Bakelite

In our dining room we have a Bakelite telephone. Once upon a time this was connected to our extensive ‘two phone’ telephone system. The problem was because of a fault on the receiver we were forced to shout to be heard, resulting in conversations being somewhat stilted. Repair was always discussed but never enacted so a modern replacement now graces our dining area. The Bakelite telephone is still around though and the grandchildren love it.

Plastics and Bakelite really epitomise the energy of modern design between the wars. Their bright colours, exciting styling and new affordable materials caught people’s imagination at the time and now their appeal is being rediscovered because these early plastic items are an easy inexpensive way to achieve the Art Deco look.

Bakelite, the first synthetic plastic, was developed in1907 by a Belgian, Dr Leo Baekeland. In the 1920’s and 1930’s it hit its peak in popularity and was known as the ‘material of a thousand uses’. Bakelite and its imitations ushered in a new age of colourful and stylish, yet inexpensive household goods.

Bakelite can be identified by the strong carbolic smell it gives off when rubbed. It was made in mottled and plain browns, black, green, red and blue. Colours other than brown and black make any plastic object more desirable and larger objects, particularly in Bakelite, are rare and so more valuable.

Styling is also very important and pieces that reflect the Art Deco style of the 1930’s – typified by stepped forms, streamlining and clean lines- are especially collectable. Plastics from the 1950’s onwards tend to be less desirable and so less valuable as styling is not as strong and the quality is generally poorer than the early plastics made between 1910 and 1930.

Senior Valuer Michael Dowse

For more information or if you have similar items you’re thinking about offering items in auction or you simply would like a valuation, please get in touch with us, full details can be found on our company website

Telephones

I wonder what Alexander Graham Bell would make of the modern all singing all dancing mobile phone, because it was he who set the ball rolling in1876 when he patented the speaking telephone. Since then all manner of designs for this amazing invention have been made. An early design for the telephone was the ‘candlestick’ model made with a separate mouth piece and ear piece, synonymous with Al Capone.

It was however, the invention of Bakelite that saw the development of telephones take a new direction, beginning with ‘pyramid’ phones which are now Art Deco icons. Commonly made in black, the rarer green, white and red versions make much more at auction.

A beautiful copper, brass & bakelite telephone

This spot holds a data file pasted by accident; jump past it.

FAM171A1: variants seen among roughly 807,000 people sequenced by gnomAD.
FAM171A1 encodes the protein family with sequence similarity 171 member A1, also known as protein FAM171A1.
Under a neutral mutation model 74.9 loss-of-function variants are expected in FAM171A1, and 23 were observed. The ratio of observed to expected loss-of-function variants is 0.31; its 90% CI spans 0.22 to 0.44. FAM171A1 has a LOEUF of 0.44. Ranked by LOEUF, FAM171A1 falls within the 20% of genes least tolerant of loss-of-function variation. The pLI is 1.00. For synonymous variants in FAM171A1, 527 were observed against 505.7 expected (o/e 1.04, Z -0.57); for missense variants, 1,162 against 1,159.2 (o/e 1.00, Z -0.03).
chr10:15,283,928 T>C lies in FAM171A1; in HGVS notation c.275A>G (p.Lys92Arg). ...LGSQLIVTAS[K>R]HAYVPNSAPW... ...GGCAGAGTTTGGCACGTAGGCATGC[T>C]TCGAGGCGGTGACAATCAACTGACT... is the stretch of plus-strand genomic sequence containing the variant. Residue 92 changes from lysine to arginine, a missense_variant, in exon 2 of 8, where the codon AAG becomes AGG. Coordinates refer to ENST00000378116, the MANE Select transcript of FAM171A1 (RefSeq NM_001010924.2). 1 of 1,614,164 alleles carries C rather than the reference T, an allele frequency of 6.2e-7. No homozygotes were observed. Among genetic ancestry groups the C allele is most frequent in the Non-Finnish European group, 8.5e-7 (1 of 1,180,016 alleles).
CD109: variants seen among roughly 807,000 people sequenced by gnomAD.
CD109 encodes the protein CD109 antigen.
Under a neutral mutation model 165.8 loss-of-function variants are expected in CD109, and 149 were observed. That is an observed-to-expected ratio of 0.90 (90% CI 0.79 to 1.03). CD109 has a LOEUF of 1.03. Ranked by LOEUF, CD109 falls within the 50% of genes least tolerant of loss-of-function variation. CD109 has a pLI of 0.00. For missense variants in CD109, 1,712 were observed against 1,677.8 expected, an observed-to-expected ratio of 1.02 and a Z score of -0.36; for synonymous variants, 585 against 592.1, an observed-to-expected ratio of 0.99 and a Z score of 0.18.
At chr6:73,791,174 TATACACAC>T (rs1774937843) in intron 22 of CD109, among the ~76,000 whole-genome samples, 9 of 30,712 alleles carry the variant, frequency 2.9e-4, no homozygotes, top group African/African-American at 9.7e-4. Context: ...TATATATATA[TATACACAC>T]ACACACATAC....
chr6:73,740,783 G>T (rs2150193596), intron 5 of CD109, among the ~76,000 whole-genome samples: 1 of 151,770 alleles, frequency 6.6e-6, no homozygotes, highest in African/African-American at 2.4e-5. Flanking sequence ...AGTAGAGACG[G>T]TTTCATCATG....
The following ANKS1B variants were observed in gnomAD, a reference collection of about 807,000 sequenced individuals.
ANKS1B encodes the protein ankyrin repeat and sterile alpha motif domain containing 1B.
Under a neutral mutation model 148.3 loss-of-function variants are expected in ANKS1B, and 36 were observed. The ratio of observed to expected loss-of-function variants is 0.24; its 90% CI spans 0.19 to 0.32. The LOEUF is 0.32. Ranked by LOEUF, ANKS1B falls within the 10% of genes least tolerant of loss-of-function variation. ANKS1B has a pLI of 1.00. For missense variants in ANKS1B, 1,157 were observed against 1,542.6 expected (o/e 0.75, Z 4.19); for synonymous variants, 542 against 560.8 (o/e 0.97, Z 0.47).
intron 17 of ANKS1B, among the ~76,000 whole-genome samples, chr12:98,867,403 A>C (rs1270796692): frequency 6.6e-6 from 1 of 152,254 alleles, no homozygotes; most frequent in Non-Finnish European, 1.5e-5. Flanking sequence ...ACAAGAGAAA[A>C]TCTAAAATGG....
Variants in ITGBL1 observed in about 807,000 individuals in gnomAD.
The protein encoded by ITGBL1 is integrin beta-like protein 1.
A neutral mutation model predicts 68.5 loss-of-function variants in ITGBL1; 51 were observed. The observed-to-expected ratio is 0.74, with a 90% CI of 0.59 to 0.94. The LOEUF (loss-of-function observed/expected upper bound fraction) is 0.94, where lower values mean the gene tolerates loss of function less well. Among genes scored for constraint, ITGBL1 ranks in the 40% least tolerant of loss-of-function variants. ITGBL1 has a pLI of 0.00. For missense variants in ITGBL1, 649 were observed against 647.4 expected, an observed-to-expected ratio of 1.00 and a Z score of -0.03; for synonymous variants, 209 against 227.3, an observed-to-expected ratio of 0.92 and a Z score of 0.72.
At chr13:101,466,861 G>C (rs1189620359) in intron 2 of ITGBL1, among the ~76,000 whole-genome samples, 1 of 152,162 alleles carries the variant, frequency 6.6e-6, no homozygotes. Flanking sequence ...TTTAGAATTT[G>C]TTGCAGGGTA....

A beautiful copper, brass & bakelite telephone

All Bakelite telephones show their date and manufacturer on the base and their value increases if they still have their original chrome dial, plaited cord and pullout drawer in tact. Like most things, the telephone also had it designers styles; the first of these is largely credited to the ‘Ericofon’. It was the first one piece telephone and was developed by Ericsson in the early 1950’s. It came in fourteen different colours but pink and orange still are the rarest and most collectable.

The production of the ‘Ericofon’ was world wide. The British one piece telephone, the ‘Trimphone’ and the Italian version ‘Grillo’ never achieved the success of the ‘Ericofon’ and very few are available on the auction market today. Obviously though, this only increases their value if you are lucky enough to find one. The value of a telephone lies in the desirability of the model and the rarity of the colour.

Senior Valuer Michael Dowse

For more information or if you have similar items, please get in touch with us, full details can be found on our company website

Bakelite

As a schoolboy I was never allowed to answer the telephone in our house when it rang, it was an adult only prerogative. Oh how I longed to be an adult and lift that heavy, beautifully modelled, Bakelite receiver.

Plastics and Bakelite really epitomise the energy of modern design between the wars. Their bright colours, exciting styling and new affordable materials caught people’s imagination at the time and now their appeal is being rediscovered because these early plastic items are an easy inexpensive way to achieve the Art Deco look.

A beautiful copper, brass & bakelite telephone
A beautiful copper, brass & bakelite telephone

Bakelite, the first synthetic plastic, was developed in1907 by a Belgian, Dr Leo Baekeland. In the 1920’s and 1930’s it hit it’s peak in popularity and was known as the ‘material of a thousand uses’. Bakelite and it’s imitations ushered in a new age of colourful and stylish, yet inexpensive household goods.

Bakelite can be identified by the strong carbolic smell it gives off when rubbed. It was made in mottled and plain browns, black, green, red and blue. Colours other than brown and black make any plastic object more desirable and larger objects, particularly in Bakelite, are rare and so more valuable.

Styling is also very important and pieces that reflect the Art Deco style of the 1930’s – typified by stepped forms, streamlining and clean lines- are especially collectable. Plastics from the 1950’s onwards tend to be less desirable and so less valuable as styling is not as strong and the quality is generally poorer than the early plastics made between 1910 and 1930.

Senior Valuer Michael Dowse

For more information or if you have similar items, please get in touch with us, full details can be found on our company website